Post Viral Fatigue Syndrome
Society has been underestimating the long-term consequences of viruses, bacterial infections, and parasites for ages - Hank Balfour and William Hoffman
Despite the initial disbelief and remaining questions, the phenomenon behind long COVID isn’t entirely new. We’ve always lived with post-infection illnesses and underappreciated their consequences. A recent article in Nature Medicine lists 15 infectious agents—many of which are well-known viruses, bacteria, and parasites—that can cause these “post-acute infection syndromes.” Long COVID is unprecedented in terms of its scale—it has affected many millions of people in the U.S. alone—but we should try to understand and study it in the context of other long illnesses, not as something that emerged out of nowhere with no comparison or antecedents.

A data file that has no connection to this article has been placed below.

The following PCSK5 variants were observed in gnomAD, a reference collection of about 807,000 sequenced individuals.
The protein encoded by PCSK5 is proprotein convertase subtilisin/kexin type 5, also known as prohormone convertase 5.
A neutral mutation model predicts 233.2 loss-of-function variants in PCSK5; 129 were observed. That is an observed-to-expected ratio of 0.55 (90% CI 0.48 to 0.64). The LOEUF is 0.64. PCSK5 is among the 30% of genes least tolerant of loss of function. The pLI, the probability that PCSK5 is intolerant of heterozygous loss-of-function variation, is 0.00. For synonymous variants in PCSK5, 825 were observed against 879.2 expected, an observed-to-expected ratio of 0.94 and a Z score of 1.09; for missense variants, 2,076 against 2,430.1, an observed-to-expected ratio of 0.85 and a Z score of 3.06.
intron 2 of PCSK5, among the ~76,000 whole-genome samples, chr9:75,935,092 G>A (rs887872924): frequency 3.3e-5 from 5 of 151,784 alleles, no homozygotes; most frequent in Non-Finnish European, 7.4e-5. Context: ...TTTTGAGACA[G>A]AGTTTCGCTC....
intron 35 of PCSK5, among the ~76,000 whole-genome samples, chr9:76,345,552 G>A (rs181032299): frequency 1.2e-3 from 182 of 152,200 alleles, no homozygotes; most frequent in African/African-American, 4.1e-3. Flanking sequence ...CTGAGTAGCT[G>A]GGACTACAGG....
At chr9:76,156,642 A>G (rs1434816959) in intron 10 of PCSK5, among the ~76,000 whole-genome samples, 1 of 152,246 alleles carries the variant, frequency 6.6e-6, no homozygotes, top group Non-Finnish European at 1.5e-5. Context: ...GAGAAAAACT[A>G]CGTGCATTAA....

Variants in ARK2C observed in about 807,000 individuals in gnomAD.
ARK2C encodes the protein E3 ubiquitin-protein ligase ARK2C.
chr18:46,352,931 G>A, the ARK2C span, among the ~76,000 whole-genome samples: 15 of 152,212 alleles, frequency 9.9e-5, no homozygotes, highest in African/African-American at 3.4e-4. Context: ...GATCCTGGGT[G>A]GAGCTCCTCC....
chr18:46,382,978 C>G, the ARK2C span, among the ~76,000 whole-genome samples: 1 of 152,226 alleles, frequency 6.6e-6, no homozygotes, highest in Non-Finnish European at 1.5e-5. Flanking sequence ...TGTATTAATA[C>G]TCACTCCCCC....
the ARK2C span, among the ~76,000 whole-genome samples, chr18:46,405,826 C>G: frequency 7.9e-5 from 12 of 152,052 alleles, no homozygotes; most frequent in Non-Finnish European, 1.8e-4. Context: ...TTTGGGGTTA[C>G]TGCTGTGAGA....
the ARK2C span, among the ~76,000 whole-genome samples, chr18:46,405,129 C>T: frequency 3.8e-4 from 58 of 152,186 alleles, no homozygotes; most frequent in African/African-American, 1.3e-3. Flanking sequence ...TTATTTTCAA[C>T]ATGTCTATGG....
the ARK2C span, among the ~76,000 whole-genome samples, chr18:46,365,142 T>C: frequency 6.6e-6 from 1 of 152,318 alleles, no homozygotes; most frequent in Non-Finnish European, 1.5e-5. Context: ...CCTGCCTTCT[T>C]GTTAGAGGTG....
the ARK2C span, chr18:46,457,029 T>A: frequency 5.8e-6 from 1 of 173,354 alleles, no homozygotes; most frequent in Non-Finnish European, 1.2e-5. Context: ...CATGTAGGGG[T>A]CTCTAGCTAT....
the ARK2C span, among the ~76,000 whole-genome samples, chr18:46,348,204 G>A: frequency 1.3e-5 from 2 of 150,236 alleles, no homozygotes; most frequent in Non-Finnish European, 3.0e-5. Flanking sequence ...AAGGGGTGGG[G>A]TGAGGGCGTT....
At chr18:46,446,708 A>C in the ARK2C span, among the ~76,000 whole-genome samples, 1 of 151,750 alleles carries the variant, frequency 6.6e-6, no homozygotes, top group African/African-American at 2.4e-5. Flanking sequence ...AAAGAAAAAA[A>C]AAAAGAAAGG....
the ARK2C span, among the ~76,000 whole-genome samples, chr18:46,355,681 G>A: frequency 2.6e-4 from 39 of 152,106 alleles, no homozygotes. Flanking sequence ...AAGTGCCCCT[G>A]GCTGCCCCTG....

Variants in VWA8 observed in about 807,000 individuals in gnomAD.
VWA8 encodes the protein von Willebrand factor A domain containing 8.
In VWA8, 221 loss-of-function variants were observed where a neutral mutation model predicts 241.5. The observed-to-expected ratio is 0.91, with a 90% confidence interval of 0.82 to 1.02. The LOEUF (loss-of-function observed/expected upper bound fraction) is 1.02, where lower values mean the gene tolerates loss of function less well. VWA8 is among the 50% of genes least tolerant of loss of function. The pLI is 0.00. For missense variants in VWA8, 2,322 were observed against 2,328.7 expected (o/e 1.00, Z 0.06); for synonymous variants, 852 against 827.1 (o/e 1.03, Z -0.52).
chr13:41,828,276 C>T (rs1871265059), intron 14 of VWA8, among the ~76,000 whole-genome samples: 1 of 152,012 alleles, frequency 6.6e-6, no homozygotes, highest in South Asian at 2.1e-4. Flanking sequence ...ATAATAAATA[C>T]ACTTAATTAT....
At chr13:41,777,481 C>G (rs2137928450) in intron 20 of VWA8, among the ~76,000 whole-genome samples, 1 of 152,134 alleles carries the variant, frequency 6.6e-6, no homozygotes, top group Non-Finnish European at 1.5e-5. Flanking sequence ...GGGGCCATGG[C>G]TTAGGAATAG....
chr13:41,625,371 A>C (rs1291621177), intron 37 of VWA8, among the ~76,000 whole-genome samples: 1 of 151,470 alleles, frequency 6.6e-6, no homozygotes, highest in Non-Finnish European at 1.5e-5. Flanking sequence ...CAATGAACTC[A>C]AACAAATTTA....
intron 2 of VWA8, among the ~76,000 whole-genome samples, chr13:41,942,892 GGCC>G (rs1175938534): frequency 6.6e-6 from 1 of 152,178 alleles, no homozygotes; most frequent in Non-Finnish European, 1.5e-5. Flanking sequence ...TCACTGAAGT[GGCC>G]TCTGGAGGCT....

Several months into the pandemic, a new aspect of COVID-19 started gaining attention from scientists, journalists, and health-care professionals. Instead of feeling better two weeks after contracting the virus, some people were reporting prolonged, life-disrupting symptoms such as “brain fog” and fatigue.
Recurrent or chronic infections, including chronic fatigue syndrome and chronic postviral syndrome, are characterized by a depressed immune system.
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